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Finally, unless you wanted to be bored to tears, don’t get me started on my dissertation. I am nearly at the point of beginning this final stage of my Masters, and last weekend I spent a weekend figuring out “what all I was gonna do” (as they’d say in Kansas). So: I am focussing on the four dimensions of the Christian life – discovering how heavily the Church references them in relation to catechesis – and investigating to what extent this concern of the Church has been received by catechetical scholars and programmes. I know I speak for myself when I say – this excites me! Not much research has been done into the importance of the four dimensions (or ‘integral’ catechesis) before. However, I understand if it doesn’t quite get you all sitting on the edge of your seat in anticipation. Just trust me: this is catechetically important :)


The Joys of Parish Life


OK, so “joys” is ever so slightly tongue-in-cheek… I am swamped in paperwork for the beginning of the year. I cannot WAIT to actually begin teaching. But as with any job, you spend a good percentage of your time chasing people, solving problems, getting information up-to-date and hearing many, many individual stories about why people can’t come to your meeting.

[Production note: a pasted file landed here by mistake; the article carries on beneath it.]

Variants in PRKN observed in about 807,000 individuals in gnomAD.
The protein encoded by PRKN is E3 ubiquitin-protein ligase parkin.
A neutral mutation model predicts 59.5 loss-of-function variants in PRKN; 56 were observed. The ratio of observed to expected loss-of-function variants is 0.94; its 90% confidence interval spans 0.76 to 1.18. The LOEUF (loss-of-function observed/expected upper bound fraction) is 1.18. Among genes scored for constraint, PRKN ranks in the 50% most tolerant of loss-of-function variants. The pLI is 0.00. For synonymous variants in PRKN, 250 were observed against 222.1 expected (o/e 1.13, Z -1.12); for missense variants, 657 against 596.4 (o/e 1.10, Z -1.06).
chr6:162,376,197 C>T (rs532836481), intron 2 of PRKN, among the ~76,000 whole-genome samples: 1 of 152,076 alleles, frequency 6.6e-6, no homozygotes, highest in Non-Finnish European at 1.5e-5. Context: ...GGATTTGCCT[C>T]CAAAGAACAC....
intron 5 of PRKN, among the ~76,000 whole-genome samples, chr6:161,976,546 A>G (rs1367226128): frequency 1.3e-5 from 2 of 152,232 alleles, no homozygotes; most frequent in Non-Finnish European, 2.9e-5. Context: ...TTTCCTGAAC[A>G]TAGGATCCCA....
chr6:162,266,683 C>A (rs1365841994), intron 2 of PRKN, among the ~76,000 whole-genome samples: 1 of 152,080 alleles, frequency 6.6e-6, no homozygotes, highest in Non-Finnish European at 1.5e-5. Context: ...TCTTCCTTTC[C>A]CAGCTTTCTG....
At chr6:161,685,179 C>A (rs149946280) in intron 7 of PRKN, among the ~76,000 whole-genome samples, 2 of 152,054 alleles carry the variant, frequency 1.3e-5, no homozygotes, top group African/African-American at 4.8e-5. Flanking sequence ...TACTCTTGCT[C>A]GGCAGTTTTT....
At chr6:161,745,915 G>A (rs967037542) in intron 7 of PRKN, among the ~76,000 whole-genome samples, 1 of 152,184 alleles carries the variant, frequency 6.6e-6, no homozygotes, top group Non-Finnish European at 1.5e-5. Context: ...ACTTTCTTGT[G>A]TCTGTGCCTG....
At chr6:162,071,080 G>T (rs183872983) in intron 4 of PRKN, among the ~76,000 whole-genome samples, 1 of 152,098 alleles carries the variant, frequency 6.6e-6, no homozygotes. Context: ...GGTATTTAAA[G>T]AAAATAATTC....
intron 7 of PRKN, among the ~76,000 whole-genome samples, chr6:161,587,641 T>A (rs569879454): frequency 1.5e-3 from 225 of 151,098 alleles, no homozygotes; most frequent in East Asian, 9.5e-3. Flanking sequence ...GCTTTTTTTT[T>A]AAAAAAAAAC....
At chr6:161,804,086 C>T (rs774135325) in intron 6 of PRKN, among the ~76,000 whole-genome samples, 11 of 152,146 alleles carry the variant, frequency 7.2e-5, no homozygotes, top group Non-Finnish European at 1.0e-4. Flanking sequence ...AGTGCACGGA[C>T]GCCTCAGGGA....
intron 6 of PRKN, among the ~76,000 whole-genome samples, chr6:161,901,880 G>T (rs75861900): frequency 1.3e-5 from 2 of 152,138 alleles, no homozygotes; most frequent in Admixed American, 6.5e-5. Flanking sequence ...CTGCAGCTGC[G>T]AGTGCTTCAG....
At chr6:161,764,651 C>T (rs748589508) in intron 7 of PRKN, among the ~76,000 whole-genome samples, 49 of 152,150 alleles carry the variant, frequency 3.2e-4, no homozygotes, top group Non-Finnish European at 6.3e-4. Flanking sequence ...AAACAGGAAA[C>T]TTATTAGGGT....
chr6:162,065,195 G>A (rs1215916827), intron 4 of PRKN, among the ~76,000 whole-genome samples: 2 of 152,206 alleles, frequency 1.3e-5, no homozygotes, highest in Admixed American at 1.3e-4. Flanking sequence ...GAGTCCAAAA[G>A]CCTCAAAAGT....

Seriously, the pastoral side of parish life is messy because people’s lives are messy. In our particular area, parents can be pushy and intent on getting their own way. A good principle I heard at the DRE training in Steubenville this summer is to be strict on paper, but more lenient in person. Often, making the right decisions with parents requires excellent intuition in sussing out who is trying to pull a fast one, and who genuinely has an insurmountable problem. Luckily my parish priest has a good nose for this…

Why do we take such a hard-line with parents and insist they come to meetings for sacramental preparation? Because the Church teaches they are the first and the best educators of their children in the Faith (see Familiaris Consortio). In that sense, it is more important that they receive formation than that their children do. Lots of parents think that we or the school form their children in the faith for them. Nope…that’s not how it works. If parents are not living their faith authentically, there’s little chance their kids will either.

The Holy Family - model for all families

At the weekend I realised how hidden and subtle the fruits of our catechetical work are. One of the families of the First Communion children I taught last year were at Mass on Sunday. (Hooray!) The children both received Communion, then their mum took them and her other children over to light some candles. It made my heart totally sing to see the little boy, however, go straight back to their pew right at the back of church, to pray. It was a tiny moment but it gave me joy.